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The Pacific Northwest’s reputation as an innovation hub comes mostly from the tech industry, but the healthcare and biotech companies that call the region home are making noise as well.

In this month’s update to the GeekWire 200, our ranking of the Pacific Northwest’s top startups, some of the biggest movers are in the medical and biotech/agriculture industries.

According to data supplied to GeekWire by PitchBook, the amount of money VCs have poured into the healthcare and biotech industries over the last few years has declined, though the number of deals has been on the rise. So far in 2018, there have been 13 deals in healthcare totaling $53.7 million and six deals totaling $36.8 million for biotech startups. That averages out to raises of $4.1 million in healthcare and $6.1 million in biotech.

There is only one healthcare company in the top 20 of the GeekWire 200, Edifecs, and no life sciences/biotech companies. Though further down the list, companies in these sectors are making some noise.

At the top of the list, digital signature company DocuSign retained the number one spot this month, followed by tax automation tech company Avalara, space exploration venture Blue Origin, work management technology company Smartsheet and software automation company Puppet. In the top 10, Moz moved up two spots to number eight and Nintex made it back into the top 10 by jumping up a single spot.

Click for the full February update to the GeekWire 200 and continue reading for highlights and an explanation of the GeekWire 200 methodology.

Seattle startup 98point6 wants to redefine the meaning of the on-call doctor. 98point6 rose 14 spots to number 110 this month.

The company lists 97 employees on LinkedIn and raised $19.5 million last year to build out a primary care system that’s entirely virtual and aims to bring down healthcare costs while increasing access.

98point6 users have constant access to a primary care doctor through the company’s app and web portal. If they have any medical questions or aren’t feeling well, they can simply hop into the app to talk to a 98point6 doctor, who can give them medical advice, diagnose health issues and prescribe treatments.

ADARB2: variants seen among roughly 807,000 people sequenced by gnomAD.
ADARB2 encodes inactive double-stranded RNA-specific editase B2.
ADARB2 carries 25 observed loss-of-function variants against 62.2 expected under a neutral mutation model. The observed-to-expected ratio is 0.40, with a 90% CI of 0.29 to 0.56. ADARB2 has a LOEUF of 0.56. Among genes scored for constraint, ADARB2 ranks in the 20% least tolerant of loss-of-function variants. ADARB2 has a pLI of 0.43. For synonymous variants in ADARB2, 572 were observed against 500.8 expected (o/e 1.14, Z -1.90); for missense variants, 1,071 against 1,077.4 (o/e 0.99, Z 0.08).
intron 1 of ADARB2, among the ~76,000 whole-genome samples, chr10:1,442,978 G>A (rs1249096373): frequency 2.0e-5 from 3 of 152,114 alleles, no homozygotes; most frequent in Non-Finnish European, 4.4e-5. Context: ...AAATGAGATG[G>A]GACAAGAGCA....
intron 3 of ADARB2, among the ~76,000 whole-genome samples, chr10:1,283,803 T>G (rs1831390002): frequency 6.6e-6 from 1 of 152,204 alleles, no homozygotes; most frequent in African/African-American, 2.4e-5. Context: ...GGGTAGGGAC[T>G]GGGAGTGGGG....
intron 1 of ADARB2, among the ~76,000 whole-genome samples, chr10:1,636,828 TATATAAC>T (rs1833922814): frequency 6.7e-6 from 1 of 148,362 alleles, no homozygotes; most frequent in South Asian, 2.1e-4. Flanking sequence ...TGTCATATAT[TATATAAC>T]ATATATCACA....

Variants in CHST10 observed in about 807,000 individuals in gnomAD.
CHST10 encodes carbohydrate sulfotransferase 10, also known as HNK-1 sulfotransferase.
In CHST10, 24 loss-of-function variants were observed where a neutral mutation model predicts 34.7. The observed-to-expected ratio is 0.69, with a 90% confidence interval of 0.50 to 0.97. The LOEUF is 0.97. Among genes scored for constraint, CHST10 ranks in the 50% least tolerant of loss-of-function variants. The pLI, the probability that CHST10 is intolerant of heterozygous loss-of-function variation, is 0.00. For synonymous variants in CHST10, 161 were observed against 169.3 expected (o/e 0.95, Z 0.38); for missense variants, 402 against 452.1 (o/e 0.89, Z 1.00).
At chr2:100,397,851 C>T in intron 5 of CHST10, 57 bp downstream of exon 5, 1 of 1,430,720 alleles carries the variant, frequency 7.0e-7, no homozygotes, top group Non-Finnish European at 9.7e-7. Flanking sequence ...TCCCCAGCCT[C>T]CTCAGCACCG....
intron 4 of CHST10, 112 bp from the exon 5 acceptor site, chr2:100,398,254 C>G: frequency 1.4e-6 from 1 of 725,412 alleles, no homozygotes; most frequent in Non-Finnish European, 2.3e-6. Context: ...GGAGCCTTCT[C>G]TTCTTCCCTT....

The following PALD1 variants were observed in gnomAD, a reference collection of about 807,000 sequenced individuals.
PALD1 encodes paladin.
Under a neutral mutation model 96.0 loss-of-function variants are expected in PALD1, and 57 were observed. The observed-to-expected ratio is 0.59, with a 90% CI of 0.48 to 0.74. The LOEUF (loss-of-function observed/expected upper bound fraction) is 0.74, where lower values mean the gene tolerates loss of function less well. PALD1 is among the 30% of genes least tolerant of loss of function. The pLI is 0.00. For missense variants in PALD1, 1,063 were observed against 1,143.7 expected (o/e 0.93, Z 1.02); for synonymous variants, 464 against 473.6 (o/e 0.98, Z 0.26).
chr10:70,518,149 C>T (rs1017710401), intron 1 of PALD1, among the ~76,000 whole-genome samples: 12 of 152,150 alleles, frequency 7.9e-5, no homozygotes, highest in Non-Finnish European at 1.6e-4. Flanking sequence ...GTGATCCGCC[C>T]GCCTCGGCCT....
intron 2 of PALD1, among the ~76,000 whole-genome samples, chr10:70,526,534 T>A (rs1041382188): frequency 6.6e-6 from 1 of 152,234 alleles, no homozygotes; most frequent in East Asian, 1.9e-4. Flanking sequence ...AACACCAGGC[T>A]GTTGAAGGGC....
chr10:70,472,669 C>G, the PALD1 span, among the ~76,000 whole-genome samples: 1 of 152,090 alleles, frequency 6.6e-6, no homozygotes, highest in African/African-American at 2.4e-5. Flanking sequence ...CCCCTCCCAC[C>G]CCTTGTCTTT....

Phytelligence is taking on a big problem: sustainable farming. The 5-year-old spinout from Washington State University, led by Ken Hunt, joined this year’s Seattle 10 class and rose 16 spots in February to come in at number 162 on the list.

Last July, the company raised $6.95 million to continue expanding marketing of its agricultural science. The company uses a proprietary tissue culture process called MultiPHY that helps grow fruit trees in more efficient and sustainable ways.

The four-step process grows trees in a custom gel blend rather than traditional soil — a method that provides all necessary nutrients without the need for water, which saves time and money for growers. The controlled environment also allows the plants to grow more quickly.

The Phylos Galaxy. (Phylos Photo)

Phylos Bioscience is based in Portland and focuses on understanding the genomics of cannabis, which the company calls “least-studied plant in the world.” The startup rose 17 spots in the rankings this month to number 167.

Phylos uses modern molecular genetics and computational biology to better understand cannabis It has developed tools to help cannabis breeders and growers learn about the genetics of their crop. Perhaps its most ambitious offering is the Phylos Galaxy, a database that maps out the DNA and the genetic identity of thousands of varieties of plants from over 80 countries.

The company lists 32 employees hasn’t raised money since 2016 when it brought in $1.4 million to build out the infrastructure supporting the Galaxy and its other research.

Here are a look at some of the other big risers this month:

Seven startups made their debut on the GeekWire 200 or returned to the list in February. They are: Karat, New Engen, Imperative, DefinedCrowd, Pixvana, Igneous, and Project Bionic.


The GeekWire 200 — sponsored by our partners at EY — is derived from our broader list of more than 1,200 Pacific Northwest tech startups. The list is designed to provide a better understanding of the startup landscape in the Northwest. The rankings are generated from publicly available data, including social media followings, approximate employee counts (via LinkedIn) and inbound web links.

To make sure your startup is eligible for inclusion in the GeekWire 200, first make sure it’s included in the broader Startup List. If so, there’s no need to submit it separately for the GeekWire 200. If your Pacific Northwest startup isn’t among the companies on that larger list, you can submit it for inclusion here, and our algorithm will crunch the numbers to see if your company makes next month’s GeekWire 200. (Please, no service providers, marketing agencies, etc.)

Thanks to everyone for checking out this month’s ranking. And, just a reminder, if you value resources like these, be sure to check out our list and map of out-of-town tech companies with Seattle engineering outposts as well as our list of startup incubators, co-working spaces and accelerators in the region, and our GeekWork job board.

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